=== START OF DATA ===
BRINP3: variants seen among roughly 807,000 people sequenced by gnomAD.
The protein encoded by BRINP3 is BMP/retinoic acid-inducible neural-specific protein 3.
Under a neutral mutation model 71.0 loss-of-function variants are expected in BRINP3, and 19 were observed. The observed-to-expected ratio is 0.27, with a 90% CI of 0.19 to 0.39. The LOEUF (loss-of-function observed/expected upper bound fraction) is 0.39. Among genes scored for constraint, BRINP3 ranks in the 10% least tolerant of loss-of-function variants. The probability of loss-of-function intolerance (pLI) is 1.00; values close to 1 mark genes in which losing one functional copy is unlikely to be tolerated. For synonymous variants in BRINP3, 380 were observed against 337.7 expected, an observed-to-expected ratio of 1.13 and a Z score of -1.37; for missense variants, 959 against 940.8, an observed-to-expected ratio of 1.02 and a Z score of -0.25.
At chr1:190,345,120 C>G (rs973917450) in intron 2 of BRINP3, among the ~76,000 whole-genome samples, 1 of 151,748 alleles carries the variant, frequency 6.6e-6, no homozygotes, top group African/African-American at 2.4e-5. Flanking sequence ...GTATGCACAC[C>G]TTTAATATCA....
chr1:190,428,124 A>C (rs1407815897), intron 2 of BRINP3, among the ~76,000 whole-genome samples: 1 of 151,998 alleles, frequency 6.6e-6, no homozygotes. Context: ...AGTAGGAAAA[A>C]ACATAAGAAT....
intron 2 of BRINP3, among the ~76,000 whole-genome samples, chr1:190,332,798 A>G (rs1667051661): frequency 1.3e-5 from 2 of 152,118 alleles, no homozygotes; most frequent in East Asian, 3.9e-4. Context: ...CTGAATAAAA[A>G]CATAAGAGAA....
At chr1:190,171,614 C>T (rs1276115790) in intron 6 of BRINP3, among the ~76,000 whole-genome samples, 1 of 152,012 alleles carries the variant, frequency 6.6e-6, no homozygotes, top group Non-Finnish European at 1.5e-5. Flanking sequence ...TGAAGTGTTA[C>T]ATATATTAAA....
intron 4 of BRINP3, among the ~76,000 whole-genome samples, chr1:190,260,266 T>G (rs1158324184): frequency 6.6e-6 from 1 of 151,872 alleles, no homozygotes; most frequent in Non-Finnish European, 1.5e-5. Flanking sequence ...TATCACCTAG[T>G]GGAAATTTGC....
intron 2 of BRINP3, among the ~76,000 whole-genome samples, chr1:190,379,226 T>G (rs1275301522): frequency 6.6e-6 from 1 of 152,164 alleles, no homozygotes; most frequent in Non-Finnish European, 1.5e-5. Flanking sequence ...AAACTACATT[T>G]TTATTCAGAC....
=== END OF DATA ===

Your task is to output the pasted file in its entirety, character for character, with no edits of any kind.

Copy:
BRINP3: variants seen among roughly 807,000 people sequenced by gnomAD.
The protein encoded by BRINP3 is BMP/retinoic acid-inducible neural-specific protein 3.
Under a neutral mutation model 71.0 loss-of-function variants are expected in BRINP3, and 19 were observed. The observed-to-expected ratio is 0.27, with a 90% CI of 0.19 to 0.39. The LOEUF (loss-of-function observed/expected upper bound fraction) is 0.39. Among genes scored for constraint, BRINP3 ranks in the 10% least tolerant of loss-of-function variants. The probability of loss-of-function intolerance (pLI) is 1.00; values close to 1 mark genes in which losing one functional copy is unlikely to be tolerated. For synonymous variants in BRINP3, 380 were observed against 337.7 expected, an observed-to-expected ratio of 1.13 and a Z score of -1.37; for missense variants, 959 against 940.8, an observed-to-expected ratio of 1.02 and a Z score of -0.25.
At chr1:190,345,120 C>G (rs973917450) in intron 2 of BRINP3, among the ~76,000 whole-genome samples, 1 of 151,748 alleles carries the variant, frequency 6.6e-6, no homozygotes, top group African/African-American at 2.4e-5. Flanking sequence ...GTATGCACAC[C>G]TTTAATATCA....
chr1:190,428,124 A>C (rs1407815897), intron 2 of BRINP3, among the ~76,000 whole-genome samples: 1 of 151,998 alleles, frequency 6.6e-6, no homozygotes. Context: ...AGTAGGAAAA[A>C]ACATAAGAAT....
intron 2 of BRINP3, among the ~76,000 whole-genome samples, chr1:190,332,798 A>G (rs1667051661): frequency 1.3e-5 from 2 of 152,118 alleles, no homozygotes; most frequent in East Asian, 3.9e-4. Context: ...CTGAATAAAA[A>G]CATAAGAGAA....
At chr1:190,171,614 C>T (rs1276115790) in intron 6 of BRINP3, among the ~76,000 whole-genome samples, 1 of 152,012 alleles carries the variant, frequency 6.6e-6, no homozygotes, top group Non-Finnish European at 1.5e-5. Flanking sequence ...TGAAGTGTTA[C>T]ATATATTAAA....
intron 4 of BRINP3, among the ~76,000 whole-genome samples, chr1:190,260,266 T>G (rs1158324184): frequency 6.6e-6 from 1 of 151,872 alleles, no homozygotes; most frequent in Non-Finnish European, 1.5e-5. Flanking sequence ...TATCACCTAG[T>G]GGAAATTTGC....
intron 2 of BRINP3, among the ~76,000 whole-genome samples, chr1:190,379,226 T>G (rs1275301522): frequency 6.6e-6 from 1 of 152,164 alleles, no homozygotes; most frequent in Non-Finnish European, 1.5e-5. Flanking sequence ...AAACTACATT[T>G]TTATTCAGAC....